Since the advent of sulfanilamide (paraaminobenzenesulfonamide), rapid cures of chancroidal infection have been reported.1 However, new derivatives of sulfanilamide with greater potency and lower toxicity are being used for various infections; one of these is sulfathiazole (2-sulfanilamidothiazole).
The toxic manifestations observed by Spink and Hansen2 in 100 patients with various infections and treated with sulfathiazole were: dermatitis (9), nausea and vomiting (6), nitrogen retention and oliguria (1), gross hematuria (1), drug fever (2), burning and itching of the eyes (2), injection of the conjunctivas (1) and anemia (1). Long, Haviland, Edwards and Bliss3 treated 271 patients with sulfathiazole and noted that several of them had exquisitely tender and swollen joints.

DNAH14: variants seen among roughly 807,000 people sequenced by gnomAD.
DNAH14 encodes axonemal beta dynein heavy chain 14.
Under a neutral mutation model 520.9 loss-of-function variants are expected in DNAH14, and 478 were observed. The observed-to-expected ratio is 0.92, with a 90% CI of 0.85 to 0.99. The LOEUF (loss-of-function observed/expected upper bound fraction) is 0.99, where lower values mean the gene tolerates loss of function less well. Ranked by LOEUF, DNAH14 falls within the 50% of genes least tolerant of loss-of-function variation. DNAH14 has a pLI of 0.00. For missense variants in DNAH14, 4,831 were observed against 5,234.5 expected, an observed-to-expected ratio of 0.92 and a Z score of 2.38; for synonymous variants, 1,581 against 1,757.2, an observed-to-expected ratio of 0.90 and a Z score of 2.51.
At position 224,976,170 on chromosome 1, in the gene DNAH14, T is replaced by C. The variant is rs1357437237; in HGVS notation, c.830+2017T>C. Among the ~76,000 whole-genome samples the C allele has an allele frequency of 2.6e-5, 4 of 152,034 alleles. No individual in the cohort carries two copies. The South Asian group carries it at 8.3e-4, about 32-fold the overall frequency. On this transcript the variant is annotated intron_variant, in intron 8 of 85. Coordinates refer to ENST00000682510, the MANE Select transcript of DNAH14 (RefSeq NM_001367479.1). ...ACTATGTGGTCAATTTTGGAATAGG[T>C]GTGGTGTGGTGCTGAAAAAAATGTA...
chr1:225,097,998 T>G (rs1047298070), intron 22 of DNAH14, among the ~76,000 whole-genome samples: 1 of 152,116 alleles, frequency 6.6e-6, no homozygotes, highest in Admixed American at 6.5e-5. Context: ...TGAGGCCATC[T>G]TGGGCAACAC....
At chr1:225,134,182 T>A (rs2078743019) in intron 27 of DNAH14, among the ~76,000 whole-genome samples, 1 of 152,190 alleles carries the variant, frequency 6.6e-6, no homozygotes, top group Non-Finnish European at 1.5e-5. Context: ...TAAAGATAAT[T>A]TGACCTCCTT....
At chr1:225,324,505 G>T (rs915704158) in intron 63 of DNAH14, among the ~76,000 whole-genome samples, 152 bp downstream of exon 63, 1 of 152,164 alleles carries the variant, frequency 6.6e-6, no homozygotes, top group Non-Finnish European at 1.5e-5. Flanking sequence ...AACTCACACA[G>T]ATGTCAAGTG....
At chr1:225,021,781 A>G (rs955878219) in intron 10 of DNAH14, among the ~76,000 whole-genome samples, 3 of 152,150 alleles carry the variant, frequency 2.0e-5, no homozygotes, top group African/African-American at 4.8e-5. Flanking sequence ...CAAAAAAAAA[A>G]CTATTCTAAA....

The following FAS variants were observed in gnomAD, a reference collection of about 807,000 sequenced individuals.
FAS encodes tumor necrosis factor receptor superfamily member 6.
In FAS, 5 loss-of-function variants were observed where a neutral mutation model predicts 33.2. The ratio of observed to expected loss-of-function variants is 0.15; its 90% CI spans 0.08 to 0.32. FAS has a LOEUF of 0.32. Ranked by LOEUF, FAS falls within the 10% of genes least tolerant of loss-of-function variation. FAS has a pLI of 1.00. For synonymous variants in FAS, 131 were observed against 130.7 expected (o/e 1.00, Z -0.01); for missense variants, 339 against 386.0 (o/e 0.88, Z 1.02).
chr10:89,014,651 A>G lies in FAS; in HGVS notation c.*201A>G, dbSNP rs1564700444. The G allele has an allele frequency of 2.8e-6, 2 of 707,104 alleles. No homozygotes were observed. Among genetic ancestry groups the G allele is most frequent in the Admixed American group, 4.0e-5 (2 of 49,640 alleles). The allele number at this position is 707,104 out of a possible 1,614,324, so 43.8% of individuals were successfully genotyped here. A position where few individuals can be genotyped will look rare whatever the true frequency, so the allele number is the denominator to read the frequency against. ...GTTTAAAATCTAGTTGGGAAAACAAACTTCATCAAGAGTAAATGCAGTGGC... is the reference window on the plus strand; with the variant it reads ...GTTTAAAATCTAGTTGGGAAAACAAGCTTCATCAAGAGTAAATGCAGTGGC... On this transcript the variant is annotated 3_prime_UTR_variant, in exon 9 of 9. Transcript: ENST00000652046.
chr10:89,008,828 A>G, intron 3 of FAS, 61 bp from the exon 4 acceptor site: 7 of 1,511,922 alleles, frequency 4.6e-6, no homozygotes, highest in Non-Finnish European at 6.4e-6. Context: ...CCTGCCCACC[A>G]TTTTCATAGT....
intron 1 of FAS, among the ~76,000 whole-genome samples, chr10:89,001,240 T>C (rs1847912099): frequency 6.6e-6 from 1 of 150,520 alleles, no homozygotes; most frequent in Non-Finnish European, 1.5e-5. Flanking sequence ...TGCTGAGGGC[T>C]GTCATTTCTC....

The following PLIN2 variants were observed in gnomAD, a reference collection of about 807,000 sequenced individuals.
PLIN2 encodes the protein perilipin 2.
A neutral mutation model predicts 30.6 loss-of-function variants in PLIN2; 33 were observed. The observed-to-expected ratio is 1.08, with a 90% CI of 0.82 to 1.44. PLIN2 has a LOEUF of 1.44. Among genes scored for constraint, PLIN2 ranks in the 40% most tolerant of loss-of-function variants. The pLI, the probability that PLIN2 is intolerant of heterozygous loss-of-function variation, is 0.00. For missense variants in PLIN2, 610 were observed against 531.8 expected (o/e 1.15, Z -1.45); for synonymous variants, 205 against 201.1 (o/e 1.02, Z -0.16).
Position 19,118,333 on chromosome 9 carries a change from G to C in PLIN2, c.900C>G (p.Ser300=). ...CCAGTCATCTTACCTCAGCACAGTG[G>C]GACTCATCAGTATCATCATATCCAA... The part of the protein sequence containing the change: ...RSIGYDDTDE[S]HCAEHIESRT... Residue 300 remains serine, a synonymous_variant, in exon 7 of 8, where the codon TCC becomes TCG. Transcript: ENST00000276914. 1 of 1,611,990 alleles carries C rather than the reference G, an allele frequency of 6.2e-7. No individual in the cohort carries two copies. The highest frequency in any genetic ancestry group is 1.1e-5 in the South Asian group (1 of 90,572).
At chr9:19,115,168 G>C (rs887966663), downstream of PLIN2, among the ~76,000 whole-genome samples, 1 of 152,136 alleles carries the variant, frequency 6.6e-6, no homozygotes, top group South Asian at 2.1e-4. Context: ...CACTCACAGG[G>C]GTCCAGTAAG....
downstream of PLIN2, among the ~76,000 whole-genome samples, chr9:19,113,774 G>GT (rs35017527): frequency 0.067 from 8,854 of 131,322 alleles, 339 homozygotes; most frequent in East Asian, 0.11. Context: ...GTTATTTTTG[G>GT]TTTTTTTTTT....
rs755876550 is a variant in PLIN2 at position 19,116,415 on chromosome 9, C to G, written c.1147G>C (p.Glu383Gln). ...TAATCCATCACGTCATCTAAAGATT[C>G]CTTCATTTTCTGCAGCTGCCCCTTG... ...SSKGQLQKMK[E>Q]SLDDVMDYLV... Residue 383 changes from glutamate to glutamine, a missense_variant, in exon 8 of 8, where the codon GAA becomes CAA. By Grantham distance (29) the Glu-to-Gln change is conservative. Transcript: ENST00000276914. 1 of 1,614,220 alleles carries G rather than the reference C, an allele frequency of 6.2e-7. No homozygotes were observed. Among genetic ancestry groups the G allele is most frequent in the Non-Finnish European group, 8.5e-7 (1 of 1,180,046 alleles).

Our patient presented a number of toxic manifestations during the course of sulfathiazole therapy, including extremely tender and swollen joints with effusion. In a patient being treated for gonorrhea these observations may be confusing because of their